J.R. from outside of Connecticut writes:
Dear Mister Condo,
Are rules that are not disclosed in condo docs at the time of purchase enforceable? A neighbor just asserted I was violating a rule by bringing a bicycle in through the front entrance rather than the service entrance and threatened a fine. When I purchased my unit I actually read the 109 pages of condo rules that were disclosed at the time, and no such rule has passed since I moved in two years ago. Apparently, the concern is that once someone with a bicycle damaged the door so at some point a rule was passed but I have yet to see it in writing. Assuming such a rule was passed would a rule that was not disclosed and that I had no opportunity to oppose be enforceable? Bikes are my primary mode of transportation and I intentionally purchased a first-floor unit to make riding them easier. Using the service entrance would impose what I would describe as an unnecessary burden on me. Thanks so much for you input.
Mister Condo replies:
J.R., I am sorry that you find yourself in this unfortunate predicament. Of course, you are correct in stating that you should have been presented with the full set of condo documents, including rules and any amendments that the Board had passed over the years as part of your documents package. I am excited that you took the time to read the 109 pages presented to you at the time and that you are certain that there was no restriction placed upon how you would transport your bicycle through the corridors of the commonly owned entryways. Let’s talk about the rules and how they enforced briefly. A neighbor has no power to directly fine you. All any unit owner can do is complain to the Board that another unit owner, in this case, you, is violating a rule. The Board then has the option of enforcing the rule by notifying you that you have violated a rule and that you need to appear before the Board to explain and so the Board can determine if they will take further action, i.e., the fine. You would state your case that as far as you know there is no such rule on the official condo governance documents. The Board would then likely state that the rule was passed but never entered into the documents at which point you would explain that you are not bound by unofficial rules. Or the Board could do nothing, which is the most likely course of action unless the complaining neighbor persists. If the Board decides to officially and legally add the rule (a simple vote of the Board members would do it) then you would be bound by the new rules once they were properly adopted. My guess is that you have a nosy neighbor on your hands here. The problem will likely go away on its own but, if not, use the information I have provided to defend yourself. Understand that you may become bound by the rule if they properly adopt it. Then using the service entry may be your only other option. All the best!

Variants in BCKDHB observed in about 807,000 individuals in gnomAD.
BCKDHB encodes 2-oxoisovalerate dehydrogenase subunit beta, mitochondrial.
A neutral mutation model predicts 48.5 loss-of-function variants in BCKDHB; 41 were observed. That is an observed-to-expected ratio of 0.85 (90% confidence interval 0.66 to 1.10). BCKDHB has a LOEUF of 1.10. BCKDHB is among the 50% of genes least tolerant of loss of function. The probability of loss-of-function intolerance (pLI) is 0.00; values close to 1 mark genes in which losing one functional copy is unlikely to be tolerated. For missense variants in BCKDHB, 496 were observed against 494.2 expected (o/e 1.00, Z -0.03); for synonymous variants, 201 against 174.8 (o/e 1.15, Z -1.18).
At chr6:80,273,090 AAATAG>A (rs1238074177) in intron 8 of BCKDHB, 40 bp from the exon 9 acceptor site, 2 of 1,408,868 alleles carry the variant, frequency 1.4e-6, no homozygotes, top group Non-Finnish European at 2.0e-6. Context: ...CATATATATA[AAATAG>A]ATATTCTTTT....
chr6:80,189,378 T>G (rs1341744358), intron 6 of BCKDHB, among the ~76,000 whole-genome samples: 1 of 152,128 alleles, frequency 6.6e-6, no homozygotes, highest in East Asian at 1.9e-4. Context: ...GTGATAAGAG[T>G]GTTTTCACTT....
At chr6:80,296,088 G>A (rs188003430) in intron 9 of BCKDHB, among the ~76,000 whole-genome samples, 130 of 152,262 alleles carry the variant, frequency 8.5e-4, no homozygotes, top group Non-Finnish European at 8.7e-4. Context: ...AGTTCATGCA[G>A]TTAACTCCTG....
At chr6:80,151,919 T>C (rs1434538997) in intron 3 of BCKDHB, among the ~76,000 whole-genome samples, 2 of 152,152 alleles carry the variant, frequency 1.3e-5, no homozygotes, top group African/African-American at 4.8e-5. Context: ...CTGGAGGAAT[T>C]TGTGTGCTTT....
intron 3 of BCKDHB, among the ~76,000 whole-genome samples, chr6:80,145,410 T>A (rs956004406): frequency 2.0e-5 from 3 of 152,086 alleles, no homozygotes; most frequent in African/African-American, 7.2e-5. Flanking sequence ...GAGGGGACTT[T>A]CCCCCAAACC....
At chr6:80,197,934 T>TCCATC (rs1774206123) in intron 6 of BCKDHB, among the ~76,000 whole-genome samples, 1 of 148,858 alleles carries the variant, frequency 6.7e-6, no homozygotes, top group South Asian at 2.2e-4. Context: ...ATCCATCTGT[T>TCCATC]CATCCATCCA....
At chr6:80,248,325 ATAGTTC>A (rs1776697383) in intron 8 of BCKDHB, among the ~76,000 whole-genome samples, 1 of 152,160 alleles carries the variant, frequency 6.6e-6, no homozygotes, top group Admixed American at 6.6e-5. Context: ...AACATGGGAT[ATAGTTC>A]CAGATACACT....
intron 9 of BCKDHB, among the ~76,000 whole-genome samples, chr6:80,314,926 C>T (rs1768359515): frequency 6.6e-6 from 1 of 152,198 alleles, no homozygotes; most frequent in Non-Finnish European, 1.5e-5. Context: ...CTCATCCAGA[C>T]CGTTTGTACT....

3 thoughts on “Undisclosed Condo Rules Angering New Buyer”
Then there are those who think that there are rules when there are not. Even Board members can fall into that. Maybe there was an informal or formal Board Policy way back when that people tend to follow, yet was never made into a rule.
Question on “ If the Board decides to officially and legally add the rule (a simple vote of the Board members would do it) then you would be bound by the new rules once they were properly adopted.”.
Should the above be done as an amendment and officially recorded and copy of same shared with unit owners and future buyers? My understanding was a decision and vote in a board meeting does not override a rule mentioned in BYLAWS. After vote, they should follow the amendment process with the help of attorney so that it is written clearly in legal terms. Hence, the question.
K.K, an amendment can be passed without the legal help of an attorney. However, I advise using the attorney so that the Board doesn’t make a costly misstep. By-Laws are not commonly amended and it makes sense to do it right on those rare occasions that they are. Spending the money on the attorney is generally a best practice for the good of the association. Unit owners, current and future, definitely have to be informed of the change. Good luck!